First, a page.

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Robinia pseudoacacia 'Frisia'
Robinia pseudoacacia 'Frisia'

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Zones vary by species.
Full Sun
Minimal Water
Bark, leaves, and seedsBark, leaves, and seeds are poisonous if ingested.


Fabaceae (Leguminosae)
Deciduous, Trees

Fairly fast growing plants, well adapted to hot, dry regions. Leaves are divided like feathers into many roundish leaflets. Clusters of white or pink, sweet pea-shaped flowers bloom from midspring to early summer, followed by bean-like pods about 4 in. long.

Locust trees tolerate poor soil and can get by on little or no water, but they do have some drawbacks: their wood is brittle, roots are aggressive, and plants often spread by suckers.

Robinia neomexicana

Native from California's mountains to Arizona and New Mexico, this thorny plant usually grows about 6 ft. high and wide, but can become a 30-ft. tree. It produces drooping, 6-in. clusters of inch-wide pink flowers.

Robinia pseudoacacia
Robinia pseudoacacia

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Robinia pseudoacacia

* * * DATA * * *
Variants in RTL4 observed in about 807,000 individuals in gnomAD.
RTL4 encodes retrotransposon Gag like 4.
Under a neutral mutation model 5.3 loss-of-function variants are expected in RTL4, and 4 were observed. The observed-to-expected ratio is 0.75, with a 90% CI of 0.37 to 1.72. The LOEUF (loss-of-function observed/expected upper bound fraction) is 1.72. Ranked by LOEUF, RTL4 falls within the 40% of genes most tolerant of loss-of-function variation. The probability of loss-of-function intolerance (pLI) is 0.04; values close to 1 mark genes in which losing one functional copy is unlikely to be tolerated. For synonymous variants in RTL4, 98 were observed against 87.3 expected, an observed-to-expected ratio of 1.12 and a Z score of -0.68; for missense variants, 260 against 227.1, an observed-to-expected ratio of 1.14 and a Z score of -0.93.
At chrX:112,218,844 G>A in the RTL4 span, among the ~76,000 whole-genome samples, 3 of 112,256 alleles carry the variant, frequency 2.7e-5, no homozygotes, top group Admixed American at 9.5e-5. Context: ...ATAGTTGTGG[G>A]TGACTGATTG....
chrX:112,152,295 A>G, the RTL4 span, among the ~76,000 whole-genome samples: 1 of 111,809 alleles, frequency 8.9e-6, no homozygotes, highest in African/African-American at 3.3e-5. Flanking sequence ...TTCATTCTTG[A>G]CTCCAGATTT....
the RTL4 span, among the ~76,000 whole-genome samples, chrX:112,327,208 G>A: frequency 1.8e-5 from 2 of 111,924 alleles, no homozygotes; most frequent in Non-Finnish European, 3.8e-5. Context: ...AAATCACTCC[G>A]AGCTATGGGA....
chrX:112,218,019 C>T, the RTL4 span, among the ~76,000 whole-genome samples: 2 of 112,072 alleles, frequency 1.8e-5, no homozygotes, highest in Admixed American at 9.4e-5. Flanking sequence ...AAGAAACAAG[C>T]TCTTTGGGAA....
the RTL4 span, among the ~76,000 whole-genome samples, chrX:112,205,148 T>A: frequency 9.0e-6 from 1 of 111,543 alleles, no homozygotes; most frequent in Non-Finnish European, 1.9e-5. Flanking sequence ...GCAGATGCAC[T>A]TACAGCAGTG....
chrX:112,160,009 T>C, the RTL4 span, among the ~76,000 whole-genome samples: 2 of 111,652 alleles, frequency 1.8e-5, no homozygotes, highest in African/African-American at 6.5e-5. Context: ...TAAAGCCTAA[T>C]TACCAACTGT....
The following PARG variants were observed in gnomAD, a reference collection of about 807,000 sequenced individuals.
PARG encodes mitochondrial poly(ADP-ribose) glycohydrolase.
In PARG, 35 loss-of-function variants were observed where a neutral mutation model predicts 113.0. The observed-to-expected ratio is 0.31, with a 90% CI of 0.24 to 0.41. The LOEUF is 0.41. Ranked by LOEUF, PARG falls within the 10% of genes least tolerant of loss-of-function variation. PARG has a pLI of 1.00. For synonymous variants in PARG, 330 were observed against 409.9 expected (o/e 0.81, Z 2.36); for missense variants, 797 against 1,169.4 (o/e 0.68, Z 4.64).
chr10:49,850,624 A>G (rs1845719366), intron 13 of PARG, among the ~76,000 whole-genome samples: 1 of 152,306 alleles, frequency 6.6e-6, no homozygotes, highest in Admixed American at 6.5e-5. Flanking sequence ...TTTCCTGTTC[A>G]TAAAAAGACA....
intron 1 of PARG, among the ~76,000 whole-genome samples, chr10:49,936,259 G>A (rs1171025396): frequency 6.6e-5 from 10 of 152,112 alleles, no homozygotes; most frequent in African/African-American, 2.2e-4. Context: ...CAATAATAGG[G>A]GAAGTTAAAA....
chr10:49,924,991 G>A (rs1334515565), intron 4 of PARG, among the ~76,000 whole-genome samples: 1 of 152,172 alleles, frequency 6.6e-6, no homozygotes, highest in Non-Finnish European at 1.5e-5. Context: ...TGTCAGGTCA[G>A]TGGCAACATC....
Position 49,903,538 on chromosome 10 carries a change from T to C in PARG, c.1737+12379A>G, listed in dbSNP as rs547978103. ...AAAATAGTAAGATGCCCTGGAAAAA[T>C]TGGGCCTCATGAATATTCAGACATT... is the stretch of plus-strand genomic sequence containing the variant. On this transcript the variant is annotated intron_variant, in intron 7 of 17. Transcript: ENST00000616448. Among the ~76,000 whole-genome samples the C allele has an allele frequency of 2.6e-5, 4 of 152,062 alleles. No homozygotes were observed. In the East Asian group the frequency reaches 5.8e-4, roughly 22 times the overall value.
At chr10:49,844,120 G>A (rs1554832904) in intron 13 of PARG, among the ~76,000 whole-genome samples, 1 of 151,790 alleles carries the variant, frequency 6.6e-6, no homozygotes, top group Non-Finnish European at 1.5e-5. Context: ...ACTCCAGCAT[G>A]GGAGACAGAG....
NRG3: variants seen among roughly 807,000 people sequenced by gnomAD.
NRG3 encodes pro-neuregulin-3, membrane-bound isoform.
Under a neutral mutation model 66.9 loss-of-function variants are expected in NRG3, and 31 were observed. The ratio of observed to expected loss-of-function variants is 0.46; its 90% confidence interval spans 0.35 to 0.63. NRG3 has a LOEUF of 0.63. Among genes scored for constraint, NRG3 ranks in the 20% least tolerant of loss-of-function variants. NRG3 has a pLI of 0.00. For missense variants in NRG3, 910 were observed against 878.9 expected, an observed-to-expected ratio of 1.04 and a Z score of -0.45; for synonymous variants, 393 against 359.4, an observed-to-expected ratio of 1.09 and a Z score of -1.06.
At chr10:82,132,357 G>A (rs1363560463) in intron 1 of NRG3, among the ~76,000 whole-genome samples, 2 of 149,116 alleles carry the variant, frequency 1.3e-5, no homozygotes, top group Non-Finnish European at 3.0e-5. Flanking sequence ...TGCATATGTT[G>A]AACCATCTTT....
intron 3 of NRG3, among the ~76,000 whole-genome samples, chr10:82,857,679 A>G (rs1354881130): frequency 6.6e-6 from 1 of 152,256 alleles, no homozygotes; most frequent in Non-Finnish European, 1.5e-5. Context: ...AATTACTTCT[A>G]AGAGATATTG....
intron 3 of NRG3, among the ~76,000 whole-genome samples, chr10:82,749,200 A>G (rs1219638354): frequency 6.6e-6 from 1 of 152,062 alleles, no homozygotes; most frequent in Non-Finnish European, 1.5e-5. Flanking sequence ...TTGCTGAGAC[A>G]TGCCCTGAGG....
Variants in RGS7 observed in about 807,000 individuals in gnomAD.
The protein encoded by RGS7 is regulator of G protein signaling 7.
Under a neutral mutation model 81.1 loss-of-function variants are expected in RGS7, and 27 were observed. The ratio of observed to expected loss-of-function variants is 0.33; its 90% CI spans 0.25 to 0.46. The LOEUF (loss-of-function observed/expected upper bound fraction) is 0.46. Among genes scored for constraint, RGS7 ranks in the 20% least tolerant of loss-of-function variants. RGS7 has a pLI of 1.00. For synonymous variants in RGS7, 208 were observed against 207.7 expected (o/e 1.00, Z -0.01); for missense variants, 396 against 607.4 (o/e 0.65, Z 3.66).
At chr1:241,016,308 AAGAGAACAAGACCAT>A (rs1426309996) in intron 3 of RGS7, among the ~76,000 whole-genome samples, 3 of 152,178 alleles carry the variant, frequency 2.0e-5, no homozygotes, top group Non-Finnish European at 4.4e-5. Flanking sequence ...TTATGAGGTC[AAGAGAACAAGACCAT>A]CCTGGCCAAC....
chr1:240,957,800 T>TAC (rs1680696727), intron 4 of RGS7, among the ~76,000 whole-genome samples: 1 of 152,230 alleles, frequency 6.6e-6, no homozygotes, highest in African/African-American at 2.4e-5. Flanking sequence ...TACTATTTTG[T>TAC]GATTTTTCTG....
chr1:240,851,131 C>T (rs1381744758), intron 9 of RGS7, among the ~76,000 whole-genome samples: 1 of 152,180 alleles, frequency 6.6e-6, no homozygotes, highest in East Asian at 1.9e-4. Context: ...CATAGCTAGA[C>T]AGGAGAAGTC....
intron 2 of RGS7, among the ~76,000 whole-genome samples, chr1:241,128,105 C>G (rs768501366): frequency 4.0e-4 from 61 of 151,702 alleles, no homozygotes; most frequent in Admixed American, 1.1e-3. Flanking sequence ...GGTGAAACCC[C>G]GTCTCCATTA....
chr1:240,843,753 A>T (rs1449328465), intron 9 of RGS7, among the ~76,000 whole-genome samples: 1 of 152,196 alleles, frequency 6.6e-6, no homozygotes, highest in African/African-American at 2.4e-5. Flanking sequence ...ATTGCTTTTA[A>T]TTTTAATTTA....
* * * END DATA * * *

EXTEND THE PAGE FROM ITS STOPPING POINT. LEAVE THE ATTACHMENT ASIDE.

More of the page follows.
Native to the eastern and central United States. Fast growth to 40 to 75 ft. tall, 30 to 60 ft. wide, with rather sparse, open branching habit. Deeply furrowed brown bark. Thorny branches. Leaves divided into 7-19 leaflets, each 1-2 in. long. White, fragrant, 1/2–3/4-in.-long flowers are held in dense, pendent clusters that reach 4-8 in. long.

Robinia x ambigua

A hybrid between Robinia pseudoacacia and R. viscosa, this seldom-grown, pink-flowering locust grows 40 ft. tall and nearly as wide. Its varieties are better known.


To 50 ft. tall, 25 ft.wide. New growth is nearly orange; mature leaves are yellow, turning greener in summer heat. Thorns and young wood are red.

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